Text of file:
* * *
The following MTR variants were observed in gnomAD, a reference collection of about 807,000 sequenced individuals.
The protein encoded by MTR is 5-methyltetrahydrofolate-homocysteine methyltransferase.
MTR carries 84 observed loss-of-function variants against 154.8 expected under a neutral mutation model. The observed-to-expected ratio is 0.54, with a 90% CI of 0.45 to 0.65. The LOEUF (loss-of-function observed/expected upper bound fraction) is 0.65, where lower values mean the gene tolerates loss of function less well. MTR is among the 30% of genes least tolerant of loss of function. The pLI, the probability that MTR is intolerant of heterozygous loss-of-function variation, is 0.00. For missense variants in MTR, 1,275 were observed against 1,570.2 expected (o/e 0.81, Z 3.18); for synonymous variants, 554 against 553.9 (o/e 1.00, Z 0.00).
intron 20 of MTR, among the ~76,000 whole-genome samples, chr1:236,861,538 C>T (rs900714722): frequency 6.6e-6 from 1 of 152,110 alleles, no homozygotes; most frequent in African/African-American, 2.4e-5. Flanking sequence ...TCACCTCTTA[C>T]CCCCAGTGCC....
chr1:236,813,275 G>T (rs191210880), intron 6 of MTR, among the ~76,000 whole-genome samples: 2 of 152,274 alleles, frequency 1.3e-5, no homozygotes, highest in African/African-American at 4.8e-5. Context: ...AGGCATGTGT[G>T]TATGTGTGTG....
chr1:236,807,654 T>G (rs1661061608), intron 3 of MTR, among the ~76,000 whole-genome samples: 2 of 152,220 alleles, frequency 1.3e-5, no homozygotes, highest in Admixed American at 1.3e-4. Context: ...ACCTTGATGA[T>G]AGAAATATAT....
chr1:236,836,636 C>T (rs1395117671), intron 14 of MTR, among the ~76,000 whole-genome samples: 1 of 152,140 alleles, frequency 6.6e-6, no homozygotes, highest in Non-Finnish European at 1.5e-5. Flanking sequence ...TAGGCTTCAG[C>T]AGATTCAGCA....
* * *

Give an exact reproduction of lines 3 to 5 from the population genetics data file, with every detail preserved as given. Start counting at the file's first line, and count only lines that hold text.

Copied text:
MTR carries 84 observed loss-of-function variants against 154.8 expected under a neutral mutation model. The observed-to-expected ratio is 0.54, with a 90% CI of 0.45 to 0.65. The LOEUF (loss-of-function observed/expected upper bound fraction) is 0.65, where lower values mean the gene tolerates loss of function less well. MTR is among the 30% of genes least tolerant of loss of function. The pLI, the probability that MTR is intolerant of heterozygous loss-of-function variation, is 0.00. For missense variants in MTR, 1,275 were observed against 1,570.2 expected (o/e 0.81, Z 3.18); for synonymous variants, 554 against 553.9 (o/e 1.00, Z 0.00).
intron 20 of MTR, among the ~76,000 whole-genome samples, chr1:236,861,538 C>T (rs900714722): frequency 6.6e-6 from 1 of 152,110 alleles, no homozygotes; most frequent in African/African-American, 2.4e-5. Flanking sequence ...TCACCTCTTA[C>T]CCCCAGTGCC....
chr1:236,813,275 G>T (rs191210880), intron 6 of MTR, among the ~76,000 whole-genome samples: 2 of 152,274 alleles, frequency 1.3e-5, no homozygotes, highest in African/African-American at 4.8e-5. Context: ...AGGCATGTGT[G>T]TATGTGTGTG....